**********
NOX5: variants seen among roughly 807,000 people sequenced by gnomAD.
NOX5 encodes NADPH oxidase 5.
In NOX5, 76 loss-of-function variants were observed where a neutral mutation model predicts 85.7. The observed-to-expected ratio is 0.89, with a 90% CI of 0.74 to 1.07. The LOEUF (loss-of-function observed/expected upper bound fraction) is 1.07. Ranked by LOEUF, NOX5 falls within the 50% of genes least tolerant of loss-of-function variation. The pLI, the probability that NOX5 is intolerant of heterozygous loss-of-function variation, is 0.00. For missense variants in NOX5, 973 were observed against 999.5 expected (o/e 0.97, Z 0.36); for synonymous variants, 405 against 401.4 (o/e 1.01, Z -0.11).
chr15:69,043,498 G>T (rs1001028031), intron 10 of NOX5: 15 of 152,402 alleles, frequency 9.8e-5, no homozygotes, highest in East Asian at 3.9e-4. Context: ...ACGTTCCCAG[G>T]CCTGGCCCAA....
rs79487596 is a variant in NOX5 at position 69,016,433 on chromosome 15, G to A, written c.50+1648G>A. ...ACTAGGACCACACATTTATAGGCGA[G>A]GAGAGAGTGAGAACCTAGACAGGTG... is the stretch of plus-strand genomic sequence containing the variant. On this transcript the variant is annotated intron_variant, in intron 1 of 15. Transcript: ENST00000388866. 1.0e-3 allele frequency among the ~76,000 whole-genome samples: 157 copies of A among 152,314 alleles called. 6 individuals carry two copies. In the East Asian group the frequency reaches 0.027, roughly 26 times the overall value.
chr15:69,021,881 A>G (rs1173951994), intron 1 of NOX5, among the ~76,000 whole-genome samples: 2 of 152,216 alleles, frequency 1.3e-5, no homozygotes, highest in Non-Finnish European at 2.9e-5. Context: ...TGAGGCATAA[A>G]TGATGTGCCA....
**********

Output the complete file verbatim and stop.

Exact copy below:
NOX5: variants seen among roughly 807,000 people sequenced by gnomAD.
NOX5 encodes NADPH oxidase 5.
In NOX5, 76 loss-of-function variants were observed where a neutral mutation model predicts 85.7. The observed-to-expected ratio is 0.89, with a 90% CI of 0.74 to 1.07. The LOEUF (loss-of-function observed/expected upper bound fraction) is 1.07. Ranked by LOEUF, NOX5 falls within the 50% of genes least tolerant of loss-of-function variation. The pLI, the probability that NOX5 is intolerant of heterozygous loss-of-function variation, is 0.00. For missense variants in NOX5, 973 were observed against 999.5 expected (o/e 0.97, Z 0.36); for synonymous variants, 405 against 401.4 (o/e 1.01, Z -0.11).
chr15:69,043,498 G>T (rs1001028031), intron 10 of NOX5: 15 of 152,402 alleles, frequency 9.8e-5, no homozygotes, highest in East Asian at 3.9e-4. Context: ...ACGTTCCCAG[G>T]CCTGGCCCAA....
rs79487596 is a variant in NOX5 at position 69,016,433 on chromosome 15, G to A, written c.50+1648G>A. ...ACTAGGACCACACATTTATAGGCGA[G>A]GAGAGAGTGAGAACCTAGACAGGTG... is the stretch of plus-strand genomic sequence containing the variant. On this transcript the variant is annotated intron_variant, in intron 1 of 15. Transcript: ENST00000388866. 1.0e-3 allele frequency among the ~76,000 whole-genome samples: 157 copies of A among 152,314 alleles called. 6 individuals carry two copies. In the East Asian group the frequency reaches 0.027, roughly 26 times the overall value.
chr15:69,021,881 A>G (rs1173951994), intron 1 of NOX5, among the ~76,000 whole-genome samples: 2 of 152,216 alleles, frequency 1.3e-5, no homozygotes, highest in Non-Finnish European at 2.9e-5. Context: ...TGAGGCATAA[A>G]TGATGTGCCA....